Evolution of the Species

By Carlo Carluccio

Written in association with Missed Apex Podcast. Listen in the player below the article

The teams always refer to evolution. Their cars always evolve from one season to the next. If they have just revolutionised their design, chances are they are in for a lean season of success as they develop their revolution.

If you were to take a series of similar scale models of Ferraris, for example, allowing for rule changes you can trace their evolution from the front engined cars of the 1950’s through to the modern carbon-fibre sculpture.

In similar fashion, where once, cars were individual in design, the modern interpretation of physics has achieved an amalgamation of all learning and we have cars that with the removal of their livery would leave us with practically a uniform shape.

(Editor note -don't tell SomersF1 he said that). 

Cornerstone Shaving

Of course, as the engineers have developed advanced science to push what we may term state of the art, medical science has been introduced over the years to push human boundaries to new limits.

Any photos of a young Stirling Moss show an individual who would fit the mold of a modern driver. His contemporaries it could be argued would not look out of place driving trucks cross country with plenty of food stops on the way.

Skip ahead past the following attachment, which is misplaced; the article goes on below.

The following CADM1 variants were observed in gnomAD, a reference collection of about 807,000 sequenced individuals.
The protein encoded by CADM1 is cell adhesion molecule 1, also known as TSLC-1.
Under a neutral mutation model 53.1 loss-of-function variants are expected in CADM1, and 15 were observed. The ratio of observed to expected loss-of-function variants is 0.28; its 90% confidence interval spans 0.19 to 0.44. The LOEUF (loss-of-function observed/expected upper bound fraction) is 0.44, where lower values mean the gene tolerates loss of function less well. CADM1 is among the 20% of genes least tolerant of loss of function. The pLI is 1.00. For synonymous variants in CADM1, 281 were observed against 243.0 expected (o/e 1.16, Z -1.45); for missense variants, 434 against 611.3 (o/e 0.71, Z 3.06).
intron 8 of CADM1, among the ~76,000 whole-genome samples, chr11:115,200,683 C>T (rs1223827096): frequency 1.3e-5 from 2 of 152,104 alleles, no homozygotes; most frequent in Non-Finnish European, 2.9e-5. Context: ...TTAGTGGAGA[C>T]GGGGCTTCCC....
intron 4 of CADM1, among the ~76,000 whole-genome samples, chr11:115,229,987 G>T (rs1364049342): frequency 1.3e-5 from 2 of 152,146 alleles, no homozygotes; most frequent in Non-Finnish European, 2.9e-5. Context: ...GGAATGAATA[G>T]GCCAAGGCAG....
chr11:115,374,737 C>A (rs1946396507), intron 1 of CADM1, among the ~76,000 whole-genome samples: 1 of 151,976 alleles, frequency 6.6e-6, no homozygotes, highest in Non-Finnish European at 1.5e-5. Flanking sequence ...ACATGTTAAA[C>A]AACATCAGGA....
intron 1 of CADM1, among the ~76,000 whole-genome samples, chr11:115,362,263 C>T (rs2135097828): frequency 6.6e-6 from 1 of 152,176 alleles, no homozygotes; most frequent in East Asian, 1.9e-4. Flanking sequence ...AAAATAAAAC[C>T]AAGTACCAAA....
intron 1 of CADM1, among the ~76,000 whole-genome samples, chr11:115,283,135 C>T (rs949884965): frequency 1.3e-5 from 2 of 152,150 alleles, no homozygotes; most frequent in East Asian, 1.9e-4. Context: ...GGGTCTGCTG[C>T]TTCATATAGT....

By the time people were swinging in the sixties, F1 cars had downsized to 1.5 litre engines and drivers seemed to be more svelte in appearance. Something which has continued to this day. The only difference is the physical fitness of the individuals involved.

Stamina, I would imagine, was the prerequisite of the driver as Formula One moved into the Cosworth DFV era. Slick tyres were introduced and what was once a delicate spectacle of drifting through corners gave way to the accuracy of the pilots, searching for the limits imposed by the infancy of aerodynamics and circuits that had been outgrown by the spectacle.

Looking back now, there was a legion of swash buckling drivers in the 70’s. All long haired, side burns that Elvis Presley would have sported with pride and a plethora of ‘birds’ as TV would have termed them!!

Among all this was a slight man who bucked convention. His family background was banking and he wouldn’t have looked out of place if he had swapped his red suit for a more formal grey suit with tie.

Whilst Niki Lauda was a brilliant test and race driver – this wasn’t a skill that only he possessed. Where Niki broke the mould was his use of a personal trainer, Willy Dungl. Willy had worked with the Austrian Olympic team previously and his work with Lauda included diet as well as physical training.

After Lauda’s notorious Nurburgring crash in 1976, he credited the work of Dungl as his reason for his recovery. When Lauda decided to return for the 1982 season, he spent some months with Willy at his clinic rebuilding his physical fitness for the demands of the new ground effect cars.

 

After an absence of three years, Niki was returning to F1 at the age of 33. He would win his third race back and take victory at Brands Hatch that summer. In 1984, Lauda took five victories to secure his third title. Still arguably the fittest man on the grid.